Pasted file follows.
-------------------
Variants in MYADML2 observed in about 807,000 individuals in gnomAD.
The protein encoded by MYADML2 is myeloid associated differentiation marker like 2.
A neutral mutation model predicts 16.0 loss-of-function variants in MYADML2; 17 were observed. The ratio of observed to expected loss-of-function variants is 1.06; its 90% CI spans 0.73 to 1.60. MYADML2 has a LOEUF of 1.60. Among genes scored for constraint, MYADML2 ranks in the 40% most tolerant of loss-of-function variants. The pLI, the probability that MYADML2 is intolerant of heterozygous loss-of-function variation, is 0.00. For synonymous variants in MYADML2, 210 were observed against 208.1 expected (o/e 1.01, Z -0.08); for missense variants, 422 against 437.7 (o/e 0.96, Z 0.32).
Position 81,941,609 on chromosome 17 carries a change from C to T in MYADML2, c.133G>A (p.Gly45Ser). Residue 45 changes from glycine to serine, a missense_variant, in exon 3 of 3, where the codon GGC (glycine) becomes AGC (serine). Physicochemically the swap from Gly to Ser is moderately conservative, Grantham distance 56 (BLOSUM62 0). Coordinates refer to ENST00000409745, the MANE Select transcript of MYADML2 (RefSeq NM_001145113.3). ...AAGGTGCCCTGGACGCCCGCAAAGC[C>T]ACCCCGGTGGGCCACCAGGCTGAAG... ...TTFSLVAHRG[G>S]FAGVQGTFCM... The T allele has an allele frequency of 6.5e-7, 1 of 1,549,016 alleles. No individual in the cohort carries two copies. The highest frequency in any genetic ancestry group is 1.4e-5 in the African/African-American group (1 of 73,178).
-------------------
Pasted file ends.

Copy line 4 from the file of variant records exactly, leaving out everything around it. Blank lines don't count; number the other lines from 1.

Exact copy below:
Position 81,941,609 on chromosome 17 carries a change from C to T in MYADML2, c.133G>A (p.Gly45Ser). Residue 45 changes from glycine to serine, a missense_variant, in exon 3 of 3, where the codon GGC (glycine) becomes AGC (serine). Physicochemically the swap from Gly to Ser is moderately conservative, Grantham distance 56 (BLOSUM62 0). Coordinates refer to ENST00000409745, the MANE Select transcript of MYADML2 (RefSeq NM_001145113.3). ...AAGGTGCCCTGGACGCCCGCAAAGC[C>T]ACCCCGGTGGGCCACCAGGCTGAAG... ...TTFSLVAHRG[G>S]FAGVQGTFCM... The T allele has an allele frequency of 6.5e-7, 1 of 1,549,016 alleles. No individual in the cohort carries two copies. The highest frequency in any genetic ancestry group is 1.4e-5 in the African/African-American group (1 of 73,178).